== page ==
Kirk Cameron’s new film, Unstoppable, is one you won’t want to miss. This film is intimate, edgy, bold and full of the unexpected. Let me explain.
It is intimate. The idea for the film came from the life and death of a 15 year old son of one of Kirk’s friends. The young man battled cancer for ten years. His death hit home to Kirk in a personal and painful way. The deep and heart-rending impact comes through powerfully in the film. When something like this happens, we want to know why. Why would God bring cancer to a family that only wants to serve him? Kirk addresses the universal question, why do bad things to good people. Unstoppable provides truly satisfying answers from God’s word and the story of redemption.
It is edgy. The film is edgy because it presents God’s answers without regard to the artificial comfort zone created by our modern culture. Today we attempt to shield ourselves from death and the unpleasant consequences of sin. We also attempt to shield ourselves from the raw truth of the fall and the impact of the great flood. Unstoppable takes these issues head-on and shows how the pain and suffering of our lives is connected to these two events. When you portray evil the way the Bible does, it is not a pretty picture.
It is bold. The film is bold because it tells the Bible’s story. Unstoppable tells the story of the early chapters of Genesis. We see the awesome power of God in response to evil. Adam and Eve were created into a world at war. Adam was told to guard the garden as well as to subdue and occupy the earth. Our first parents were charged to bring honor to God and join with him in the war against evil. The imagery in the film is taken from the words and scenes of Scripture. The murder of Abel, the crying out of his blood, the destructive waters of the flood, are just as much a part of creation’s story as the idyllic imagery of the garden. These events are necessary to help us understand why God brings evil and why his grace provides peace and calm in the face of life’s tragedies.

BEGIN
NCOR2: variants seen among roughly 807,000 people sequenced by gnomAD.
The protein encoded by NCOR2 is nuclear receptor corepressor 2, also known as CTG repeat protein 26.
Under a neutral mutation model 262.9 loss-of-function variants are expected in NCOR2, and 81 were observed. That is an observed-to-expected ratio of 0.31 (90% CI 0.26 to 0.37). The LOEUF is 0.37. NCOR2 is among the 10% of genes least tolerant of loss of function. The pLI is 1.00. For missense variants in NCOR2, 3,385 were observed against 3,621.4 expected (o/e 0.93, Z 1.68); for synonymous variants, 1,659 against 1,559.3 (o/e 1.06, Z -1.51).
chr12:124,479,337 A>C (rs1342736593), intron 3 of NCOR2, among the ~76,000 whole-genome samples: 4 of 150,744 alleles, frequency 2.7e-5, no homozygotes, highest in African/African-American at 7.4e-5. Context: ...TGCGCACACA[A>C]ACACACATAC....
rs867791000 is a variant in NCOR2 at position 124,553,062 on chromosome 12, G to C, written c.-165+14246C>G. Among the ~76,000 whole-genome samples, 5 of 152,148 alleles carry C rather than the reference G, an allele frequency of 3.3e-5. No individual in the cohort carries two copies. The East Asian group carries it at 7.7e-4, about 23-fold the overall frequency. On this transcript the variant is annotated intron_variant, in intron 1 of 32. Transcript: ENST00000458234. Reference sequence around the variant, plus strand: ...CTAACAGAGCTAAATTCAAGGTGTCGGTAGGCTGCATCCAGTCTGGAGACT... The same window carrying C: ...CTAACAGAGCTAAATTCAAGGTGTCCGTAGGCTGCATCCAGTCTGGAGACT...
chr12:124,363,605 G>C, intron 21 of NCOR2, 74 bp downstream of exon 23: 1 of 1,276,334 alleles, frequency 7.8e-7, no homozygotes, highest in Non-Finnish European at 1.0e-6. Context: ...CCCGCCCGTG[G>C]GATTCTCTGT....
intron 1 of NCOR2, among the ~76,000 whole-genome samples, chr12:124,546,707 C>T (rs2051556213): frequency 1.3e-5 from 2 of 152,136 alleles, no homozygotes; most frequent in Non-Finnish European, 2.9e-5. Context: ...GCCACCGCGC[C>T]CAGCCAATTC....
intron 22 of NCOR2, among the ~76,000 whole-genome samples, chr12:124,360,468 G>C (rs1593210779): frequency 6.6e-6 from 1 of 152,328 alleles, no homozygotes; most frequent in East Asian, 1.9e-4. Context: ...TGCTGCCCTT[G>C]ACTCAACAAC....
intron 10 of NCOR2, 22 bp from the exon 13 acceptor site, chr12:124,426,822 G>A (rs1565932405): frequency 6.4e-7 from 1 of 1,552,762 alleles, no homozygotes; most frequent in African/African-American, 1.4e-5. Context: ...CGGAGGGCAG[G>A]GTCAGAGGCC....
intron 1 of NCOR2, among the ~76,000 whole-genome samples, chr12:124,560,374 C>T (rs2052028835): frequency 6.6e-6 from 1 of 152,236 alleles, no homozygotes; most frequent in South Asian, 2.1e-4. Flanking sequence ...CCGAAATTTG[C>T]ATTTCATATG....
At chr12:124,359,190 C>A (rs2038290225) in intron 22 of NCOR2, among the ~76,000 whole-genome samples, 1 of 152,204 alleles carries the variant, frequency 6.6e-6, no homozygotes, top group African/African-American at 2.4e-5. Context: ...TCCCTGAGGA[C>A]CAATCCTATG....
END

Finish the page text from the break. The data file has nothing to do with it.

It is unexpected. Unstoppable is unexpected because it highlights realities we usually ignore. For example, there is the righteous blood of Abel, the blood that cried out to God from the ground. Also, there are many visual representations of the creation of Adam and Eve that we are familiar with. There some that are not so familiar. Since we weren’t there at the beginning to observe, no one has an exact idea of how things really looked. Our visual images are not inspired, but because the evocative language of Holy Spirit’s narrative, we all have some visual connection to what we read about the creation account. Unstoppable works with the imagery of Scripture to provide scenes that are true to the story and yet unexpected. Additionally, we don’t expect to hear about the death and destruction of people being so closely associated with God’s grace. But this is indeed the way God’s narrative reads. Mercy triumphs over evil.
Unstoppable is not a documentary. It is one man’s personal journey and a story of hope. It helps us make sense of the bad things in this world. Most importantly, Unstoppable will help you and your family love God more deeply and shore up the foundations of your faith. Unstoppable. Watch it!
Jay Younts is the Shepherd Press blogger. He is the author of Everyday Talk and other materials on parenting. He has been teaching and speaking on parenting issues for 30 years. Jay and his wife, Ruth, live in Fountain Inn, South Carolina. He serves as a ruling elder at Redeemer Presbyterian Church in Moore, South Carolina. He and Ruth have five adult children.